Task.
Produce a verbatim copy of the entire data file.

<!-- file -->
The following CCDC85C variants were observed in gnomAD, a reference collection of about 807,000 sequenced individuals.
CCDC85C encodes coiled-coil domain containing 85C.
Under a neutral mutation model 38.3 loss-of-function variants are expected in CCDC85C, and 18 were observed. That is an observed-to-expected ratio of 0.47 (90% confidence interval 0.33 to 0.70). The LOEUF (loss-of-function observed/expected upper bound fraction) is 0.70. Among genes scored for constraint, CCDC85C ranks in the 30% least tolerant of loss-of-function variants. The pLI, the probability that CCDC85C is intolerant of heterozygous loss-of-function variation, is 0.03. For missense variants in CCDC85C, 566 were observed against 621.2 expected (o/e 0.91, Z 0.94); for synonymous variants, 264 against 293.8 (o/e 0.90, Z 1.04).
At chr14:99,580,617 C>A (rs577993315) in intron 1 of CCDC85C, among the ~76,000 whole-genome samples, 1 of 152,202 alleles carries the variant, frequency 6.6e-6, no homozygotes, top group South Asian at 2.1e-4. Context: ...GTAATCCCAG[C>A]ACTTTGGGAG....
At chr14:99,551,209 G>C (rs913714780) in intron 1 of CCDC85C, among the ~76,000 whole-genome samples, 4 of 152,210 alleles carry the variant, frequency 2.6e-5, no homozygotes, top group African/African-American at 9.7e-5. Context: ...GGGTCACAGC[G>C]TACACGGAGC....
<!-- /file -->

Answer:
The following CCDC85C variants were observed in gnomAD, a reference collection of about 807,000 sequenced individuals.
CCDC85C encodes coiled-coil domain containing 85C.
Under a neutral mutation model 38.3 loss-of-function variants are expected in CCDC85C, and 18 were observed. That is an observed-to-expected ratio of 0.47 (90% confidence interval 0.33 to 0.70). The LOEUF (loss-of-function observed/expected upper bound fraction) is 0.70. Among genes scored for constraint, CCDC85C ranks in the 30% least tolerant of loss-of-function variants. The pLI, the probability that CCDC85C is intolerant of heterozygous loss-of-function variation, is 0.03. For missense variants in CCDC85C, 566 were observed against 621.2 expected (o/e 0.91, Z 0.94); for synonymous variants, 264 against 293.8 (o/e 0.90, Z 1.04).
At chr14:99,580,617 C>A (rs577993315) in intron 1 of CCDC85C, among the ~76,000 whole-genome samples, 1 of 152,202 alleles carries the variant, frequency 6.6e-6, no homozygotes, top group South Asian at 2.1e-4. Context: ...GTAATCCCAG[C>A]ACTTTGGGAG....
At chr14:99,551,209 G>C (rs913714780) in intron 1 of CCDC85C, among the ~76,000 whole-genome samples, 4 of 152,210 alleles carry the variant, frequency 2.6e-5, no homozygotes, top group African/African-American at 9.7e-5. Context: ...GGGTCACAGC[G>C]TACACGGAGC....